In the days before language lessons could be done live over Skype and before videos on YouTube, I studied Spanish at university, with Italian and Portuguese to a much lesser extent. There were very few foreigners at my university and so the only speaking practice we had was through our course. However, once I started working in jobs using my languages and working alongside foreigners, I started to see my speaking skills improve very quickly.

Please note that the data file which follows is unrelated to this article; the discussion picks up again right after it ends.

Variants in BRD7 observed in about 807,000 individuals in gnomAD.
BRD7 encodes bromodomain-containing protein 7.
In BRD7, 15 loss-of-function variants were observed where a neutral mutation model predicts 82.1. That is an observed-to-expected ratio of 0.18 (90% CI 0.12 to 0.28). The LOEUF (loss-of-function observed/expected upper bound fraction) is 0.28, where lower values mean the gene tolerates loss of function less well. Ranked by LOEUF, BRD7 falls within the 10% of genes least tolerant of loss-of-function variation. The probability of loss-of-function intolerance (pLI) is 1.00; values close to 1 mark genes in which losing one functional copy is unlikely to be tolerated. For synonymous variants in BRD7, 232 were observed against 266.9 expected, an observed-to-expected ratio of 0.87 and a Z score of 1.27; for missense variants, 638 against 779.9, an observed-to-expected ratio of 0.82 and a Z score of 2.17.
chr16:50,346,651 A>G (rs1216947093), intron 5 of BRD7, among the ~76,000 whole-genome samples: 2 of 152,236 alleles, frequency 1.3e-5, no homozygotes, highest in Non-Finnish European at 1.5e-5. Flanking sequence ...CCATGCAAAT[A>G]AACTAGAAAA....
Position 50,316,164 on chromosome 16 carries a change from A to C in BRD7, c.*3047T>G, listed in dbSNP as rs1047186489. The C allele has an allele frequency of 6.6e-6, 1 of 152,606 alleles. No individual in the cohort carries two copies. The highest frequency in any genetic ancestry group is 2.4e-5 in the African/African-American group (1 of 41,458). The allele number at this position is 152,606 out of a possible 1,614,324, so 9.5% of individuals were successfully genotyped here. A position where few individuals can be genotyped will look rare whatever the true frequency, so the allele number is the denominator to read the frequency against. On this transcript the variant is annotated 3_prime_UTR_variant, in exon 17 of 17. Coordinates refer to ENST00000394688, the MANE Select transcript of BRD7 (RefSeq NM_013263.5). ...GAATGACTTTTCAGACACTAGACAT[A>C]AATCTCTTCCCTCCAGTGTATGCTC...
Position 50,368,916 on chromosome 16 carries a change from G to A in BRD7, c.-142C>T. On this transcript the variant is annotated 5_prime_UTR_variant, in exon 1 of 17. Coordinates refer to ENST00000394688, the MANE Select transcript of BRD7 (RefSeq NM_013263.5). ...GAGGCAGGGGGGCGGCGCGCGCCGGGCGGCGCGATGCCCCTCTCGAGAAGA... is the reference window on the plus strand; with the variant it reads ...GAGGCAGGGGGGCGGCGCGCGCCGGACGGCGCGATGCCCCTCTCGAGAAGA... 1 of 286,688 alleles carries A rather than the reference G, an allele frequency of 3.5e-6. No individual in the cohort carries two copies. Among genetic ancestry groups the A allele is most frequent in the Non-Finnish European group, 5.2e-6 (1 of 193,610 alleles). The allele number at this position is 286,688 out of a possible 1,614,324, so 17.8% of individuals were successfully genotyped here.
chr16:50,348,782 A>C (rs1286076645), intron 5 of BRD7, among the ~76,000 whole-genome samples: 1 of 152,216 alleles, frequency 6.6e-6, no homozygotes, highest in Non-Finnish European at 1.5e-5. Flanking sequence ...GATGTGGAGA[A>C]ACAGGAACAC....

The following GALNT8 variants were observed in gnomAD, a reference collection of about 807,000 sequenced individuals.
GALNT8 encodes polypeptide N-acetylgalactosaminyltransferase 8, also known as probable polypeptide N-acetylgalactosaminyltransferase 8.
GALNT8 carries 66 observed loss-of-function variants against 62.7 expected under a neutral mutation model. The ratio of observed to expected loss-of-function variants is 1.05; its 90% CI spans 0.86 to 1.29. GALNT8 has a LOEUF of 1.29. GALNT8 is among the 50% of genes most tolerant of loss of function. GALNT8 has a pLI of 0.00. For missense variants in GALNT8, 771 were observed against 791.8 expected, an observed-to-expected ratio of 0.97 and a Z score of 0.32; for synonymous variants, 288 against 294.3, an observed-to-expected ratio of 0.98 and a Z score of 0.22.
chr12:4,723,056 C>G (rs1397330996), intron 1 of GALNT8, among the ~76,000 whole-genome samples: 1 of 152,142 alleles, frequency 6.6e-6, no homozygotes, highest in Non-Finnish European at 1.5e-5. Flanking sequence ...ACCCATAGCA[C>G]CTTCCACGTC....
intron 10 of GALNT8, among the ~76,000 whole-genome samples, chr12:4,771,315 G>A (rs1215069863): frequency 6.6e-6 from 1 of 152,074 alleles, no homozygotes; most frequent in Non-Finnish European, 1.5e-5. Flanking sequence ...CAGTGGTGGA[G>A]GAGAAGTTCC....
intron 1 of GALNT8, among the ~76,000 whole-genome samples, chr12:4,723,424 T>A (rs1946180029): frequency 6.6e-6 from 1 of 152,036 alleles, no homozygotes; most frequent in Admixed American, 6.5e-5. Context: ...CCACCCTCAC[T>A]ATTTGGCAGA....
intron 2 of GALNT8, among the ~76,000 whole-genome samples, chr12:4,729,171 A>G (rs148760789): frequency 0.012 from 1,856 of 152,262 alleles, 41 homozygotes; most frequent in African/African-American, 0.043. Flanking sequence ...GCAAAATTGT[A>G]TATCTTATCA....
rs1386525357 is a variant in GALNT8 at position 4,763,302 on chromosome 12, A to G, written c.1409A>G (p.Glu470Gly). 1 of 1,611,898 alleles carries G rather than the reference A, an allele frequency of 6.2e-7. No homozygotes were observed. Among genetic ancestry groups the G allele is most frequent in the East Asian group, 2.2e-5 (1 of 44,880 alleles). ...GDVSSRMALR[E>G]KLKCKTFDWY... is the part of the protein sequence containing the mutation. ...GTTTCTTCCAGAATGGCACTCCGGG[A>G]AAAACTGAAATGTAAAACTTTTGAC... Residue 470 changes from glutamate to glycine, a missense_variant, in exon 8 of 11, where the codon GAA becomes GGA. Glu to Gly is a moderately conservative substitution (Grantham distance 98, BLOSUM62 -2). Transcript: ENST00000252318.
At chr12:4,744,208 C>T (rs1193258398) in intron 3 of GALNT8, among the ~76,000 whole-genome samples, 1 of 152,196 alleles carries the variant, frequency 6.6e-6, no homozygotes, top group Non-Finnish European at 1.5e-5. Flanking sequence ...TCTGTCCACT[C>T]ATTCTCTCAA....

After university, I got a job working within a European Finance Department of a large, international company. I was going on business trips to Spain and working with Spanish people for the first few years and then I moved on to work with the Italian office. I went on regular business trips to Milan for around 3-4 months to work on a project. Following that, some Italians came to work alongside me back in the UK. When I first went to Milan, my level of Italian was much lower than my Spanish, although my Spanish helped me pick it up. I definitely wasn’t able to speak about anything I wanted to and I remember trying to watch the TV and only understanding about 20% of it. After the first 3-4 months of having regular business trips to Milan and having to speak Italian the whole time, my level was around the same as my Spanish. I was watching TV again on my last business trip and realised I could understand at least 80% without subtitles. I had progressed much more than I would have by doing a classroom course. Following my project in Milan, I then worked alongside Italians every day in the UK for the following few years and sometimes I was finding myself thinking in Italian before English.